Feral hogs are not native to North America, but many feral hogs live in Arkansas because of illegal releases and high reproductive success. Hogs compete directly with many native game animals for food and destroy habitat for many other wildlife species.
The Arkansas Game and Fish Commission tries to eradicate feral hogs from its wildlife management areas and encourages private landowners to kill all free-ranging feral hogs on their property.
There are a number of problems caused by feral hogs, including:
* Habitat destruction -- Feral hogs root for food and wallow, which destroys vegetation, ruins water holes used by other wildlife and contributes to erosion.
* Damage to endangered or sensitive plant/animal communities -- Feral hogs can cause major, sometimes irreparable, damage to small, fragile habitats, such as acid seeps in the Ouachitas and cedar glades in the Ozarks.
* Disease -- Feral hogs can carry brucellosis and pseudorabies, both of which can spread to livestock. Some diseases carried by feral hogs can be transmitted to humans. Gloves should always be worn when handling feral hogs.
* Direct competition with native wildlife -- deer, squirrels, ducks, turkeys, bears and many other species depend on acorns. Hogs also love acorns and are very efficient at finding them (often tearing up wildlife habitat in the process).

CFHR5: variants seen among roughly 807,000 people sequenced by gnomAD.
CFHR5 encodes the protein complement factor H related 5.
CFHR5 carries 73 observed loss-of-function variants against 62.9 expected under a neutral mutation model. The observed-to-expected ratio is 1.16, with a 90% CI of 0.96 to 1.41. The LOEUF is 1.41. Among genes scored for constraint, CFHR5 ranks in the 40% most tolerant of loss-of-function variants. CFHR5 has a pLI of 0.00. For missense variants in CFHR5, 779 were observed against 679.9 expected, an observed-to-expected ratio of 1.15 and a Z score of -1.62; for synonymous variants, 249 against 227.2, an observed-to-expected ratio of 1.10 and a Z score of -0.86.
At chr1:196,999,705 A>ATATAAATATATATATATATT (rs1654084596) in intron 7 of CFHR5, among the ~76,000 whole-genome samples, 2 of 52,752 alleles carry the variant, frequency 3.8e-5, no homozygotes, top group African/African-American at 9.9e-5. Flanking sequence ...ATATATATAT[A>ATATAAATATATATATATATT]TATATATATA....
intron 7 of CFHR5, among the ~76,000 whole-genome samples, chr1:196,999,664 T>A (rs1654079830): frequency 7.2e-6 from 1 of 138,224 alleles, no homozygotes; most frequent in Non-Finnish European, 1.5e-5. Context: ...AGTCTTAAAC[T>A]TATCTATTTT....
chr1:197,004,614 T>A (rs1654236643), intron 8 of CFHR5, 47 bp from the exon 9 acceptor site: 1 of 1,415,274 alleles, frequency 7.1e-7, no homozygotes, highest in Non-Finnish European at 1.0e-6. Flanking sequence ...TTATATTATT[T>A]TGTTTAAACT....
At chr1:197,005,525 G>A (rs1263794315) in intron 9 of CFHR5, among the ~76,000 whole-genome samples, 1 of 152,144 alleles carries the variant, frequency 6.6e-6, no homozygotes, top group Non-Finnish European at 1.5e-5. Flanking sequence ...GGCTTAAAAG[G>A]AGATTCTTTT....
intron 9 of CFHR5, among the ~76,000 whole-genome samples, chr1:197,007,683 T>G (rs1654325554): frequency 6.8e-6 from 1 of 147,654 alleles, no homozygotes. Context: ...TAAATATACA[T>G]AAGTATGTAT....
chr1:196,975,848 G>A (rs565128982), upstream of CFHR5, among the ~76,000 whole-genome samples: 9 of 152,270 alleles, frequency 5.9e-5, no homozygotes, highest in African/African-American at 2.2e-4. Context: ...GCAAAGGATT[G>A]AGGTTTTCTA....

* Crop loss -- Hogs often cause heavy damage to row crops, gardens, flower beds, pine plantations, orchards, tree farms and pastures.
* Trespass -- It is illegal to release hogs or pigs on any public land. Feral hogs may be released only onto private land that is adequately fenced to prevent them from escaping. The Arkansas Livestock and Poultry Commission has additional regulations regarding disease testing, slaughter and identification of all hogs, including feral hogs.
On private land, feral hogs may be killed or trapped year-round by a landowner or anyone with the landowner's permission (except anyone who has had his or her hunting license revoked).
All general regulations for hunting safety should be observed.
The AGFC encourages hunters to shoot all feral hogs they see on WMAs. Hunters may kill feral hogs on WMAs during any open hunting season as long as they are using a weapon legal for that season.
Only permit holders may hunt feral hogs during special permit hunts. Feral hogs killed on WMAs can be taken for processing or left where they were shot.
Hunters may not use dogs, bait or traps to hunt feral hogs on WMAs and may not hunt at night.
The following WMAs have particularly high hog numbers.
They may suffer extreme loss of habitat for deer, turkey and other wildlife if feral hogs are not eradicated: Cut Off Creek WMA; Petit Jean WMA; Gene Rush WMA; Sulphur River WMA; Gulf Mountain WMA; Dr. Lester Sitzes III Bois d'Arc WMA; Harold E. Alexander Spring River WMA; Shirey Bay Rainey Brake WMA.